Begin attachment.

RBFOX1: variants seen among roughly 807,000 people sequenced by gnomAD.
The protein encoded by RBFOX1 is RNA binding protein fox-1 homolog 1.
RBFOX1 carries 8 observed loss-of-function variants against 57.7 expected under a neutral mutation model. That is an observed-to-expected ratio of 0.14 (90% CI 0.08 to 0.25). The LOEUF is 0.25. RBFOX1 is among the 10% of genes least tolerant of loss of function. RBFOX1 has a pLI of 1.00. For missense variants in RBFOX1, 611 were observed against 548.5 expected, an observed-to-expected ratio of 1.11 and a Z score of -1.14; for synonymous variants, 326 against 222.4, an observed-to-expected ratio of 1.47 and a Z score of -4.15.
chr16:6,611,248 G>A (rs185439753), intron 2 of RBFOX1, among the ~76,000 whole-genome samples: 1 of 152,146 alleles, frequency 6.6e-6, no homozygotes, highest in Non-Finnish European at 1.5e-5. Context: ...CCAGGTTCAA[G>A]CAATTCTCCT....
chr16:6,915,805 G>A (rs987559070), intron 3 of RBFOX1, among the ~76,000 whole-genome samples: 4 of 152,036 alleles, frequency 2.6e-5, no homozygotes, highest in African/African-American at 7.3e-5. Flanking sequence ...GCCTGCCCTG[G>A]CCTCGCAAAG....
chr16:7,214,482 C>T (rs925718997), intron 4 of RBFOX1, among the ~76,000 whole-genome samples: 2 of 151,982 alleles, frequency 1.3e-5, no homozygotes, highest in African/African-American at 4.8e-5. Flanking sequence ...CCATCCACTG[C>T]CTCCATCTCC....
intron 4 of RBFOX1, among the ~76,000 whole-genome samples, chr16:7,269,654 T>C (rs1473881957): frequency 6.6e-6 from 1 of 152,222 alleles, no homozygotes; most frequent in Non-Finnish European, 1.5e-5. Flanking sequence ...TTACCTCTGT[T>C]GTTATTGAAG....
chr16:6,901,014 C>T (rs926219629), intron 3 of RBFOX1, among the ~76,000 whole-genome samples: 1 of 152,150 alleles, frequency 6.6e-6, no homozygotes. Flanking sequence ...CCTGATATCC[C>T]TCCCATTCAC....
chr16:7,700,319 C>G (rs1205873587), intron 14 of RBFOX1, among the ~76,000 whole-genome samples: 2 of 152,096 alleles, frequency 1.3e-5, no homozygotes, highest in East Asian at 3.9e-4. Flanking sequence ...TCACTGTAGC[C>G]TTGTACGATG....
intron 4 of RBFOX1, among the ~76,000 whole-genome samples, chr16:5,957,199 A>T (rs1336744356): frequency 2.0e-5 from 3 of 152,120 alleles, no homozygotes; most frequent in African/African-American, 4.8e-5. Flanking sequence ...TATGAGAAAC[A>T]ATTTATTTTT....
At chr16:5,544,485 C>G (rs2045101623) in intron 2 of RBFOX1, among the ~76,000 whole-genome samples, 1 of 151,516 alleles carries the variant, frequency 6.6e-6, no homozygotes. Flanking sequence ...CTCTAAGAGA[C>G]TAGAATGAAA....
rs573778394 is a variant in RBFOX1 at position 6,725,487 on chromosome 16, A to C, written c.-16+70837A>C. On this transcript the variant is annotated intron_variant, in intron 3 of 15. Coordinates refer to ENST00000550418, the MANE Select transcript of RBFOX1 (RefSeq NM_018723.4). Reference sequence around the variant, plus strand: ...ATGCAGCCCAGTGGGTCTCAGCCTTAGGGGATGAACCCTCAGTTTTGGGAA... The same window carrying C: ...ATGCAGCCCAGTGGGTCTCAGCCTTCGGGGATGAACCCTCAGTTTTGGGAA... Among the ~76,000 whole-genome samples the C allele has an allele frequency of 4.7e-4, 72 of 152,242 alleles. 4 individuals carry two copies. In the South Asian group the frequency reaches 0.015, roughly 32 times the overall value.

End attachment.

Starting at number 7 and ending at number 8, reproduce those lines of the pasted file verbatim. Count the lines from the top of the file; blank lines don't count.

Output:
intron 4 of RBFOX1, among the ~76,000 whole-genome samples, chr16:7,269,654 T>C (rs1473881957): frequency 6.6e-6 from 1 of 152,222 alleles, no homozygotes; most frequent in Non-Finnish European, 1.5e-5. Flanking sequence ...TTACCTCTGT[T>C]GTTATTGAAG....
chr16:6,901,014 C>T (rs926219629), intron 3 of RBFOX1, among the ~76,000 whole-genome samples: 1 of 152,150 alleles, frequency 6.6e-6, no homozygotes. Flanking sequence ...CCTGATATCC[C>T]TCCCATTCAC....